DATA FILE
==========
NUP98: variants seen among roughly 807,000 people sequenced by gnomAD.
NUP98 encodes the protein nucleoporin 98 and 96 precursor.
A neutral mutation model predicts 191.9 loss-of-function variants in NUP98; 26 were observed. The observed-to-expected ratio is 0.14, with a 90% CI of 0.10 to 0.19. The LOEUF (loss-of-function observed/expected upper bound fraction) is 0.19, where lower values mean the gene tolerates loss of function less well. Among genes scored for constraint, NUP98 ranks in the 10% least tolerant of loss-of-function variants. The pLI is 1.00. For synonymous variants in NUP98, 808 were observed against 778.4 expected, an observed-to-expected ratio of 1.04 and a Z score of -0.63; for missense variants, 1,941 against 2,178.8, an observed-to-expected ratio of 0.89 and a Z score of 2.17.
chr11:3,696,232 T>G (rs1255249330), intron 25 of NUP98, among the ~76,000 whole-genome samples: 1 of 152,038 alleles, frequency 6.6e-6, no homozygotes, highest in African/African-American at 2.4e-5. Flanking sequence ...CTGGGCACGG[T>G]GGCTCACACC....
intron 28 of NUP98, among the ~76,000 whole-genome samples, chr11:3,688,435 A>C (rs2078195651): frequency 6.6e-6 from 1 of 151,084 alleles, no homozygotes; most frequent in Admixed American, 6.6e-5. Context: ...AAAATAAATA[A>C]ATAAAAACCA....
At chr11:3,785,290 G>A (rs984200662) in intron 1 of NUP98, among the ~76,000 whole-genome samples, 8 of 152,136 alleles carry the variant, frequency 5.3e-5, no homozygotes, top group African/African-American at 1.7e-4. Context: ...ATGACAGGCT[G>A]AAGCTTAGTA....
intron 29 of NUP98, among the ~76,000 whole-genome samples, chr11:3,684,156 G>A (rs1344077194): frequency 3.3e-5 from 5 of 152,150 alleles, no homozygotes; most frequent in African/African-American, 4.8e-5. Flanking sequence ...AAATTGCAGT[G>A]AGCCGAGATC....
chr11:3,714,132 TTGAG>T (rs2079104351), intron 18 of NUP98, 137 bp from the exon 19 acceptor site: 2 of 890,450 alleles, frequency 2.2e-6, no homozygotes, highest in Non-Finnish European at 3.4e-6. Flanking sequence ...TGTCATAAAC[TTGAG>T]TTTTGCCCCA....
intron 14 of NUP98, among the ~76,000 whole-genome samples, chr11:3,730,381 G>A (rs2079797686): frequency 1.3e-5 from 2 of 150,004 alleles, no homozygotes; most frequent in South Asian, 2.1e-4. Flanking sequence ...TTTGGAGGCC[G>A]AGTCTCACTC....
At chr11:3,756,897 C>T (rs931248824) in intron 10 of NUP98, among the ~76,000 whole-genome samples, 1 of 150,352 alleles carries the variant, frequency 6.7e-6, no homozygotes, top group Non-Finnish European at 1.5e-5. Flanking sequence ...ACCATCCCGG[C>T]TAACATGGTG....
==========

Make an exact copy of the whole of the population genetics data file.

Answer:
NUP98: variants seen among roughly 807,000 people sequenced by gnomAD.
NUP98 encodes the protein nucleoporin 98 and 96 precursor.
A neutral mutation model predicts 191.9 loss-of-function variants in NUP98; 26 were observed. The observed-to-expected ratio is 0.14, with a 90% CI of 0.10 to 0.19. The LOEUF (loss-of-function observed/expected upper bound fraction) is 0.19, where lower values mean the gene tolerates loss of function less well. Among genes scored for constraint, NUP98 ranks in the 10% least tolerant of loss-of-function variants. The pLI is 1.00. For synonymous variants in NUP98, 808 were observed against 778.4 expected, an observed-to-expected ratio of 1.04 and a Z score of -0.63; for missense variants, 1,941 against 2,178.8, an observed-to-expected ratio of 0.89 and a Z score of 2.17.
chr11:3,696,232 T>G (rs1255249330), intron 25 of NUP98, among the ~76,000 whole-genome samples: 1 of 152,038 alleles, frequency 6.6e-6, no homozygotes, highest in African/African-American at 2.4e-5. Flanking sequence ...CTGGGCACGG[T>G]GGCTCACACC....
intron 28 of NUP98, among the ~76,000 whole-genome samples, chr11:3,688,435 A>C (rs2078195651): frequency 6.6e-6 from 1 of 151,084 alleles, no homozygotes; most frequent in Admixed American, 6.6e-5. Context: ...AAAATAAATA[A>C]ATAAAAACCA....
At chr11:3,785,290 G>A (rs984200662) in intron 1 of NUP98, among the ~76,000 whole-genome samples, 8 of 152,136 alleles carry the variant, frequency 5.3e-5, no homozygotes, top group African/African-American at 1.7e-4. Context: ...ATGACAGGCT[G>A]AAGCTTAGTA....
intron 29 of NUP98, among the ~76,000 whole-genome samples, chr11:3,684,156 G>A (rs1344077194): frequency 3.3e-5 from 5 of 152,150 alleles, no homozygotes; most frequent in African/African-American, 4.8e-5. Flanking sequence ...AAATTGCAGT[G>A]AGCCGAGATC....
chr11:3,714,132 TTGAG>T (rs2079104351), intron 18 of NUP98, 137 bp from the exon 19 acceptor site: 2 of 890,450 alleles, frequency 2.2e-6, no homozygotes, highest in Non-Finnish European at 3.4e-6. Flanking sequence ...TGTCATAAAC[TTGAG>T]TTTTGCCCCA....
intron 14 of NUP98, among the ~76,000 whole-genome samples, chr11:3,730,381 G>A (rs2079797686): frequency 1.3e-5 from 2 of 150,004 alleles, no homozygotes; most frequent in South Asian, 2.1e-4. Flanking sequence ...TTTGGAGGCC[G>A]AGTCTCACTC....
At chr11:3,756,897 C>T (rs931248824) in intron 10 of NUP98, among the ~76,000 whole-genome samples, 1 of 150,352 alleles carries the variant, frequency 6.7e-6, no homozygotes, top group Non-Finnish European at 1.5e-5. Flanking sequence ...ACCATCCCGG[C>T]TAACATGGTG....